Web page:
I really like the Fusion style because it feels more authentic to who I am. I am the child of a multicultural world. Multiculturalism is the acceptance or promotion of multiple ethnic cultures, applied to the demographic make-up of a specific place. It is assimilation yes, but in a way, it can also be a healthy form of social integration. Granted, I am an American, and the bastardization of culture is something we specialize in, but that is my authentic culture, that’s what we do. I can’t be anything that I’m not and remain authentic to my true self. I love Flamenco just as much as Ballet, I read Russian literature right alongside the Bhagavad-Gita and then when I need a break, I read trashy American lit. I like broomstick skirts and three-piece pinstripes and Levis and Mandarin dresses. In my car right now, I’m currently listening to Led Zeppelin, Ani Difranco, M.I.A, Beats Antique and Dr. Dre. That’s who I am. I pull from all over the place.

Sometimes when I’m dancing, it feels authentic to my emotions to throw some hip-hop in there, or (insert whatever variety of dance I’m emoting here) because that is what I FEEL. I think that’s why I keep coming back to the Fusion dancers. They dance more authentically to my culture and my emotions and the stories I want to tell. That is not to say however, that I do not enjoy learning from traditional dancers, because I do, and there’s is MUCH to be learned from them.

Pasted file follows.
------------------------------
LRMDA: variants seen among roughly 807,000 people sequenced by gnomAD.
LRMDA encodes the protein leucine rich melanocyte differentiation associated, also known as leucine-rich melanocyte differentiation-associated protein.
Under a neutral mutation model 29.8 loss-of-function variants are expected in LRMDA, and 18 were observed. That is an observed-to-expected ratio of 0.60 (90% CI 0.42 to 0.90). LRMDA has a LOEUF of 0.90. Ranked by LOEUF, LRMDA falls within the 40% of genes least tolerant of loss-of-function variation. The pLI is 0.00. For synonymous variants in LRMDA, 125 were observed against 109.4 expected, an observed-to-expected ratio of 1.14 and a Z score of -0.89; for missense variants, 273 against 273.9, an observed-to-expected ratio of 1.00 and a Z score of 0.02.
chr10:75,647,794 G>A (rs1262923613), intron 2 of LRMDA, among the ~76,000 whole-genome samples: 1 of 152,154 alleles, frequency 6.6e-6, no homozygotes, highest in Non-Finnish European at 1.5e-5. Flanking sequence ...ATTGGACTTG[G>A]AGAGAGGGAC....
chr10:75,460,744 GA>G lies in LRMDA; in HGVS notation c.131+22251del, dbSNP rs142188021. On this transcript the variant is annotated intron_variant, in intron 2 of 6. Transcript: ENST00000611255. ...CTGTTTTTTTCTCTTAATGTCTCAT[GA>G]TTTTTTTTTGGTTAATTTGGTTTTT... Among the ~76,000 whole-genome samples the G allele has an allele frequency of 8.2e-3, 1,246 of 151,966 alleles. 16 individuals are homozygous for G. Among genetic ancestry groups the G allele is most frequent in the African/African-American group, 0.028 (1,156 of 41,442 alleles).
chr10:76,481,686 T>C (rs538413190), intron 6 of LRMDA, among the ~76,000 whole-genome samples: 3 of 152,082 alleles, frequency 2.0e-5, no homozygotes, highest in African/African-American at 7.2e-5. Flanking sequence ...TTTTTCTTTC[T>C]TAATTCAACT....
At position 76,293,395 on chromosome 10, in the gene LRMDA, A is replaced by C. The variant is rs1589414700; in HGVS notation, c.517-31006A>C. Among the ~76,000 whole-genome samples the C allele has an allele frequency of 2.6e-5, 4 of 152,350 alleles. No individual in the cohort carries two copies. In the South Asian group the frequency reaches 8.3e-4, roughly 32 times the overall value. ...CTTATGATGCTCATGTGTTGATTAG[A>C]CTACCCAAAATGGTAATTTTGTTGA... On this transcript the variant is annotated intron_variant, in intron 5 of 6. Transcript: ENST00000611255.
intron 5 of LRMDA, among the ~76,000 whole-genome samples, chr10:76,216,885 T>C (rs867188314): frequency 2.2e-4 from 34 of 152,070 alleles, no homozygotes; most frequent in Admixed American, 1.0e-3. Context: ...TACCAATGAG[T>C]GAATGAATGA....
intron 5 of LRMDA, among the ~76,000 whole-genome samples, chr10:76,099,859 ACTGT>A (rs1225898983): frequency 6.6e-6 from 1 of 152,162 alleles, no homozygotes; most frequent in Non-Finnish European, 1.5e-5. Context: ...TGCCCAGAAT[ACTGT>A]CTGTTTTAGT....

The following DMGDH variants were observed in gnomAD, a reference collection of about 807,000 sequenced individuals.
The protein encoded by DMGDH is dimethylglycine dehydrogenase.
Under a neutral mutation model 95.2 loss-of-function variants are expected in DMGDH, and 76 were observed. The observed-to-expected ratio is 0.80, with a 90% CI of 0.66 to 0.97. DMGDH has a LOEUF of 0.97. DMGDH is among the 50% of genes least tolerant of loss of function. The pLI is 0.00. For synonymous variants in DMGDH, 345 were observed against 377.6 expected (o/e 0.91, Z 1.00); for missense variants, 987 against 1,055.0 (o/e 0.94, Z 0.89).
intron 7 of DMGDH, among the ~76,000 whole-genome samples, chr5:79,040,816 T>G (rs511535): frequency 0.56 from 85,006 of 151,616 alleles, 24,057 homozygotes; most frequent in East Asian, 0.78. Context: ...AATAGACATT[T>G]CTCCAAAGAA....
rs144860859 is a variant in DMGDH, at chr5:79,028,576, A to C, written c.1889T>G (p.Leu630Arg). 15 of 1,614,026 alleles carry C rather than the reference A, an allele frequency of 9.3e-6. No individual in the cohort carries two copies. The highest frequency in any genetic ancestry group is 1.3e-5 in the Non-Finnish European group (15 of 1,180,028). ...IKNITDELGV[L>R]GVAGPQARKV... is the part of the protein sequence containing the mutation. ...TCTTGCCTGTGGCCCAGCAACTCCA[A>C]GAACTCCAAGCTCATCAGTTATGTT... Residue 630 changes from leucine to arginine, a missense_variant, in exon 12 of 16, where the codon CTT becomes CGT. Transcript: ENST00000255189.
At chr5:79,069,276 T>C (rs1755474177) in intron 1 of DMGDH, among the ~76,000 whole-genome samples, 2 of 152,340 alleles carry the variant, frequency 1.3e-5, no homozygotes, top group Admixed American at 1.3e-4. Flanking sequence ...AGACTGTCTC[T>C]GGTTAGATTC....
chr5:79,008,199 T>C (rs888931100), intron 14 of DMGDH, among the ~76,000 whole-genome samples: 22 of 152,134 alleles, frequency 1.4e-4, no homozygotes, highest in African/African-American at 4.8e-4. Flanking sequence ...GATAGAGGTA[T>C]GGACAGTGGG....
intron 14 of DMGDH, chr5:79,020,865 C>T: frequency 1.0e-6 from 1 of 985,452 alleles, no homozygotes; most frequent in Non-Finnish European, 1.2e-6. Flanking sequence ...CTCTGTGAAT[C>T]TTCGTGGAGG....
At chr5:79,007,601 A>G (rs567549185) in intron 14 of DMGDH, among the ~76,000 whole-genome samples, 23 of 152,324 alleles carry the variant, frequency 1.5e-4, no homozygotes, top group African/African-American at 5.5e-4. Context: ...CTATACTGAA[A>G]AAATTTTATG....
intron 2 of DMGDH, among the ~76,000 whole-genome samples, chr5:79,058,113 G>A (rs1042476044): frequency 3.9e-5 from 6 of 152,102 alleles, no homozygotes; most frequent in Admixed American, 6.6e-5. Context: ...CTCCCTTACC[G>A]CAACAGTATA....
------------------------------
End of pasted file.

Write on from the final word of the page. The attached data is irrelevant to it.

I think some of the more traditional dancers get angry when a performer is not aware of what they themselves are doing. If you put a Fusion dance under the blanket statement of a “belly dance,” you’re going to piss the traditional dancers off. Even worse, if you do not UNDERSTAND what it is that YOU are doing, you’re going to piss people off. That’s why I ALWAYS present myself as a Fusion dancer because I do not want to offend anyone if, in the passion of the moment, I do something that is NOT a classic move. But therein lies the hazards of sharing culture…it always changes.

Once you put something out into the world, it is no longer yours. It will be interpreted differently and experienced in various ways. I guess the real question then is if you would rather keep something beautiful and moving and inspiring to yourself or if you would rather share it. Either choice is perfectly alright no matter which way you go, you just have to make that decision and live with the results.

In the belly dance community, the dance was shared and it has evolved and transformed and become something that speaks to different audiences, students and performer. But it IS speaking and that is what interests me.


6 Replies to “A Question of Cultural Authenticity”

  1. thanks for this discussion britta. even the african dances change. they may have a long history, but they do change & evolve.for myself, i try to learn as accurately as i can from what each teacher is giving. then i embody it and make it my own. when you tap into oneness, which is where they all came from anyway, the movements create & dance themselves.